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The Church of Anti-Semitism By: P. David Hornik
FrontPageMagazine.com | Friday, April 29, 2005


The United Church of Christ appears set to hop on the bandwagon of mainline Protestant initiatives to divest from Israel.

Since the Presbyterians’ resolution last July, which called for “selective phased divestment” from companies operating in Israel, the idea has also gained traction among Anglicans, Episcopalians, and Methodists. The Presbyterians, for their part, have now persuaded the Geneva-based World Council of Churches to encourage its member churches to pursue divestment as well.

On April 21, the website of the United Church of Christ posted two resolutions by its General Synod calling for divestment. They are steeped in what can at best be called abysmal ignorance and bias.

 

“This resolution,” one of them claims, “requires the United Church of Christ’s Corporate Social Responsibility Ministry to begin the process of divestment from companies involved with Israel’s illegal (by UN Security Council resolutions 242 and 338) occupations of the West Bank and Gaza. . . . During the era of apartheid in South Africa, the United Church of Christ, along with other . . . organizations, successfully used divestment . . . . we [now] urge the use of selective divestment in bringing justice to the Israeli-Palestinian conflict. . . . the United Church of Christ has repeatedly affirmed that the State of Israel has a right to exist, and that the Palestinian people also have a right to their own state, whether it is through a one-state or two-state solution. . . . we condemn the violence on both sides of the Israeli-Palestinian conflict, but also believe that the roots of terrorism begin in the unjust and inequitable situation in Israel/Palestine. . . .”

 

The other resolution chimes in: “Israeli governments and Zionist expansionist organizations—in the almost sixty years since the United Nations’ sanction of their settlement in a part of historical Palestine—have progressively dispossessed the lands and property of Palestinians, who have maintained an historic presence and retain deep roots in the land. . . .”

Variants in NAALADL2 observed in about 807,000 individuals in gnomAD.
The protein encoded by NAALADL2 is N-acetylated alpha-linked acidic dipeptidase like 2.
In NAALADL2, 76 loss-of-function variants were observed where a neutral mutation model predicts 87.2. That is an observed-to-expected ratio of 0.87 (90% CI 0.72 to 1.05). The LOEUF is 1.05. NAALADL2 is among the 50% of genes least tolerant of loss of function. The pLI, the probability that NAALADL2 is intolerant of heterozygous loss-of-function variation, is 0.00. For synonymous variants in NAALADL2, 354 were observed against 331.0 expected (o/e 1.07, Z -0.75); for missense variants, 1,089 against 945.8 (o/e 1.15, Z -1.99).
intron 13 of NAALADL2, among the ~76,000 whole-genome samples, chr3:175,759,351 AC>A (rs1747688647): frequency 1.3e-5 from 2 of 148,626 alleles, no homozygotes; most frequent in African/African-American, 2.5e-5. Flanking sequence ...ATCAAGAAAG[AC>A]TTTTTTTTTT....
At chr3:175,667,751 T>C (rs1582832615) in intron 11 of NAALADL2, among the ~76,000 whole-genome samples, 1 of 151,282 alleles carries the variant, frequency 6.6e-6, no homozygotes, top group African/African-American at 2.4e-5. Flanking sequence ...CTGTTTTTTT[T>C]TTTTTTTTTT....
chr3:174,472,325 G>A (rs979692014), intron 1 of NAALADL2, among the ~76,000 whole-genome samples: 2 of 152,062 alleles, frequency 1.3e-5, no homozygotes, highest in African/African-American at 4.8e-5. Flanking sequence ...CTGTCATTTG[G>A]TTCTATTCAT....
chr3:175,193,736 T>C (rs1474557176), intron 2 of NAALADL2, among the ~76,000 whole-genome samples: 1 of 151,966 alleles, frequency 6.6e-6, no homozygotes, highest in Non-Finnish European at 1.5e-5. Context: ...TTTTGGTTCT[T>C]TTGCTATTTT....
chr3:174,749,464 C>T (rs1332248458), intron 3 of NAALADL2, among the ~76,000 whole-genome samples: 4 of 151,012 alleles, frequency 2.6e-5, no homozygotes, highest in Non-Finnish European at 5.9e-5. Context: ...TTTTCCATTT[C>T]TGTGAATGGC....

A fact-checker would have a field day with the above statements. One might begin by listing these (and many other) problems:

  • Resolution 242 nowhere says that Israel’s presence in the West Bank and Gaza is “illegal”; it does call for “withdrawal of Israeli armed forces from territories [not the or all territories—a crucial and deliberate wording that is lost on the Synod] occupied in the recent conflict,” but only in tandem with the “termination of all claims or states of belligerency and respect for and acknowledgement of the sovereignty, territorial integrity and political independence of every State in the area and their right to live in peace within secure and recognized boundaries”—something that does not precisely accord with the genocidal and politicidal declarations that are made constantly and openly by the Palestinian actors Israel has to contend with. (“Israel will exist and will continue to exist until Islam will obliterate it. . . . There is no solution for the Palestinian question except through Jihad. . . .—from the charter of Hamas, which won the recent Palestinian municipal elections in a landslide. “The partition of Palestine in 1947 and the establishment of the state of Israel are entirely illegal, regardless of the passage of time. . . . The liberation of Palestine, from an Arab viewpoint, is a national duty . . . and aims at the elimination of Zionism in Palestine”—from the never-revoked Palestinian National Covenant of Yasser Arafat and Mahmoud Abbas’s PLO.)  
  • The equation with South Africa is either willfully malevolent or based on gross ignorance of the status of Israeli Arabs as fully participating citizens of a democracy with ample representation in the Knesset, and of the transfer to the Palestinian Authority of civil authority over the lives of almost all the Palestinians of the territories.